Bristol is full of excellent independent restaurants and Sonny Stores is one of them. It’s a small, Italian-inspired place in Bedminster, with a daily changing menu and rave reviews. Recent dishes include John Dory in chicken stock and butter; pizzetta with anchovies, potatoes and lardo; and rabbit with milk and pancetta. The neighbourhood is lucky to have these things to eat.
Throughout January, Pegs Quinn, the head chef, who runs Sonny Stores alongside his wife Mary Glynn, has been sharing recipes online. He writes: “To keep the January blues at bay, all month we are going to be sharing some of our favourite seasonal dishes. Each week we will share a recipe which you can either make at home, or you can book in to eat it with us.” I strongly advise you to do both.
Start with Pegs’ pumpkin pansotti, a delicate, luscious dish where plump pasta parcels slide around in butter. There’s a lot of squash around – the
delica variety is all the rage right now – and it marries lovingly with mascarpone and is cheered on by chilli and pecorino cheese. I can think of few other vegetarian dishes that provide such comfort on a winter’s day. And, perhaps more importantly, if you nail this dish (you will need a pasta machine to do so), you will impress anyone who comes round.
SERVES FOUR (You will need a pasta machine)
600g pumpkin. A good, sweet dense variety
100g pecorino cheese
Ground chilli (a pinch; up to you)
Salt and pepper
300g pasta flour
3 whole eggs plus 3 eggs yolks (best you can get)
Cold water (in a spray bottle)
70g unsalted butter
8 sage leaves
The best olive oil you can afford
Preheat the oven to 210C. Peel, de-seed and chop pumpkin into 4cm chunks.
Season with salt, pepper, chilli, and coat in olive oil. Cover with tinfoil and roast for approx. 15 mins or until soft.
Remove tinfoil and continue to roast for 10 mins to char skin. Leave to cool
Mix flour and eggs (in a food processor if you have one) to make smooth, pliable dough. The dough should spring back when you press your thumb into it – it needs to be soft enough to go through the pasta rollers but firm enough not to stick.
Add a tablespoon of cold water if it’s a little too stiff. Wrap your dough in cling film and leave to rest for 20 mins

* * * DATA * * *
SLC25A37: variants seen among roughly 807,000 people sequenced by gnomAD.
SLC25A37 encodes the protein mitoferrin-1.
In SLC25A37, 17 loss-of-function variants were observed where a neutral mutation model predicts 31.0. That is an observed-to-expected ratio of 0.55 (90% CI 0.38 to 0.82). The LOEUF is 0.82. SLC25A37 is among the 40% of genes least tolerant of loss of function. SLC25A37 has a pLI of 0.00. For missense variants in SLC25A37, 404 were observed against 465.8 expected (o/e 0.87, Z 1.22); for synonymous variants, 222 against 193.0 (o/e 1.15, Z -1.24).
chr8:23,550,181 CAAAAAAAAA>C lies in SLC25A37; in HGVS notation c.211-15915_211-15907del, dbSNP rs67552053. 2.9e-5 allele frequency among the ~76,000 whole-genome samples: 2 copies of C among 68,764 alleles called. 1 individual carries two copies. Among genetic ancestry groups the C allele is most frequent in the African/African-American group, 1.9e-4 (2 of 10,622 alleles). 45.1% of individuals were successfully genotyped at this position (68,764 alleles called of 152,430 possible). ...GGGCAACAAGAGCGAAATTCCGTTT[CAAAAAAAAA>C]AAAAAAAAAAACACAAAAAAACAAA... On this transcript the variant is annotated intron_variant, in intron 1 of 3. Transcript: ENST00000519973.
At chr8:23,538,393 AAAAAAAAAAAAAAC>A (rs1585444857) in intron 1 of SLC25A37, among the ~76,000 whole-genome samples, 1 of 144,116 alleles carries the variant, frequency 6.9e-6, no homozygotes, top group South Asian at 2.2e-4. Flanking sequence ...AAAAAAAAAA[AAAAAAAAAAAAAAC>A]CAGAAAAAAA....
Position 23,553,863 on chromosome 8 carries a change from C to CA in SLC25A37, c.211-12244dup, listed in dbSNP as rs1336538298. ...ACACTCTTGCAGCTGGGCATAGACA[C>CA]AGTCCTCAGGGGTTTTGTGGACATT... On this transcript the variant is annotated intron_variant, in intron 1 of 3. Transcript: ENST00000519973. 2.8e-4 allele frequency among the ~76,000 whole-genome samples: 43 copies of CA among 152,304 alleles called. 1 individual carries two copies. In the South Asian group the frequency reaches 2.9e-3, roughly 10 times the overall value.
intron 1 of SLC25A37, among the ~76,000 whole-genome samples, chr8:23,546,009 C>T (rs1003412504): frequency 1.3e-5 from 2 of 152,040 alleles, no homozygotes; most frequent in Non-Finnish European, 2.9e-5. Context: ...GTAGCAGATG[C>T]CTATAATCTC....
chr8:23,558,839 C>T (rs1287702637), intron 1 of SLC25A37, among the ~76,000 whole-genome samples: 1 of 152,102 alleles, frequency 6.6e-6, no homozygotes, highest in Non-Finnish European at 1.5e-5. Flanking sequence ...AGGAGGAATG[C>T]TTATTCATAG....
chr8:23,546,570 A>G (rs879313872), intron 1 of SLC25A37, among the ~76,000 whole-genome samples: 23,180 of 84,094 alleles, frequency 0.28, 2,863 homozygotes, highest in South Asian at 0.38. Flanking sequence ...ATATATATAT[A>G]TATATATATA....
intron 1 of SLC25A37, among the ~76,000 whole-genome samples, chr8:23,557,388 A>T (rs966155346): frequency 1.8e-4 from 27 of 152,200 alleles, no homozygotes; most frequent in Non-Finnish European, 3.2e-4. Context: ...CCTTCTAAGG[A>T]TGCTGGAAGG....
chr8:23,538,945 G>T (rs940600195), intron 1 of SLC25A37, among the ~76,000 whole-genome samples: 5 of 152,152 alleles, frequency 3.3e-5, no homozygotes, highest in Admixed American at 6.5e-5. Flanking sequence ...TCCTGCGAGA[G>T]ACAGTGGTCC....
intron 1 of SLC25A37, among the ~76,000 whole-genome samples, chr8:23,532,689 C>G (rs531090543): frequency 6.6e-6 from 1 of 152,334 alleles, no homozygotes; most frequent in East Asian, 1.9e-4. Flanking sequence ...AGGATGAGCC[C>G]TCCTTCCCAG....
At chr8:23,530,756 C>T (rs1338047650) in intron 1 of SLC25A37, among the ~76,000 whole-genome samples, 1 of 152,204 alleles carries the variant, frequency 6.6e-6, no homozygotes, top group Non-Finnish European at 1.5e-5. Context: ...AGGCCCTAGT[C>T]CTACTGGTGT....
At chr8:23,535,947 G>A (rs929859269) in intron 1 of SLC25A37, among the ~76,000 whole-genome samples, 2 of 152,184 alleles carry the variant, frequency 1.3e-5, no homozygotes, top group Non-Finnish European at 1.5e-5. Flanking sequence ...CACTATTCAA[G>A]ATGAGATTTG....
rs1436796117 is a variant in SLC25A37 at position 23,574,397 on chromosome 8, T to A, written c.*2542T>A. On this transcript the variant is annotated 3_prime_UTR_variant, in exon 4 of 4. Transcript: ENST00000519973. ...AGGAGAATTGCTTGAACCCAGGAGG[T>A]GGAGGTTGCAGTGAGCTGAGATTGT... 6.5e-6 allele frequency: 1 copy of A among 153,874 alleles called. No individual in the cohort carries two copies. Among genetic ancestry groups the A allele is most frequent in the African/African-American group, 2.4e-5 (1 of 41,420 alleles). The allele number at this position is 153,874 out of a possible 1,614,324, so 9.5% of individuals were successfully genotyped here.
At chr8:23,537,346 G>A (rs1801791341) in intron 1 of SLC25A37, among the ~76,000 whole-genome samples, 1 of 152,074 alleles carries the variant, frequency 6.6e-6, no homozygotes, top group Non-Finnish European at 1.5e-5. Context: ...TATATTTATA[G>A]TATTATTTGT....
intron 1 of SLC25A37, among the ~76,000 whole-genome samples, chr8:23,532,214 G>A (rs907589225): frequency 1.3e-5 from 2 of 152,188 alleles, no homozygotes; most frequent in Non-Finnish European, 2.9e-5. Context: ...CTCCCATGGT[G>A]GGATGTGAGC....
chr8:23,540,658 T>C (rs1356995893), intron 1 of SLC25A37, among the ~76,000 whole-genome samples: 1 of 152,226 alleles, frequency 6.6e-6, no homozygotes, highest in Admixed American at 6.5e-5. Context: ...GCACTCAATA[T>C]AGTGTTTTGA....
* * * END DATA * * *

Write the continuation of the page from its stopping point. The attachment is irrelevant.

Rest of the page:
FOR THE FILLING:
Mash the pumpkin with a fork. Add the mascarpone, pecorino, and salt and pepper to taste
ROLLING THE PASTA:
Set up your pasta machine and dust your work surface with flour. Using a rolling pin, roll out your dough until it’s long and thin.
Pasta machine settings vary but an approximate guide to where you should set yours is 10. The pasta should glide through your machine’s widest capacity.
Roll your dough through the machine and repeat the process, moving the setting down by one each time until you get to 3 (so, seven times).
After the final roll, take your pasta strip and do a book fold: working from one end, fold 5cm-worth of dough at a time back onto the length of pasta, repeating until you’re left with one layered rectangle of dough that is around 7cm wide.
Spin your rectangle of dough 90 degrees, and repeat steps 2-4 twice more – remember to spin your book-folded rectangle 90 degrees each time to create the best structure!
For your dough’s final go through the machine, take the setting down to two, or the thinnest setting.
Cut your final pasta length in half and lay both down on a floured surface. 3cm from the end of one length, place a half-tablespoon blob of pumpkin filling, making sure it’s in the middle, and repeat every 6cm.
Wet the bottom half of the pasta sheet using a pastry brush to act as glue and fold the top layer over to seal. Use your fingers to gently press out all the air in the pockets and run along the sheet to make sure.
Repeat this process on the second strip of pasta. Use a round cookie-cutter (approx. 6cm across) and use the top half to cut out each pansotti parcel into half-moon shapes
COOKING AND PLATING:
Get a large pan of salted water onto a rolling boil.
Drop your pansotti into the water and boil for two mins,
While the pasta is boiling, melt 75g of unsalted butter in a pan with 5 sage leaves, salt, pepper, and a ladle of pasta water, and bring to the boil and then turn off.
Use a slotted spoon to pass the pasta into the buttery sage emulsion.
Plate the pasta and spoon over the sauce. Finish with grated pecorino and the best olive oil!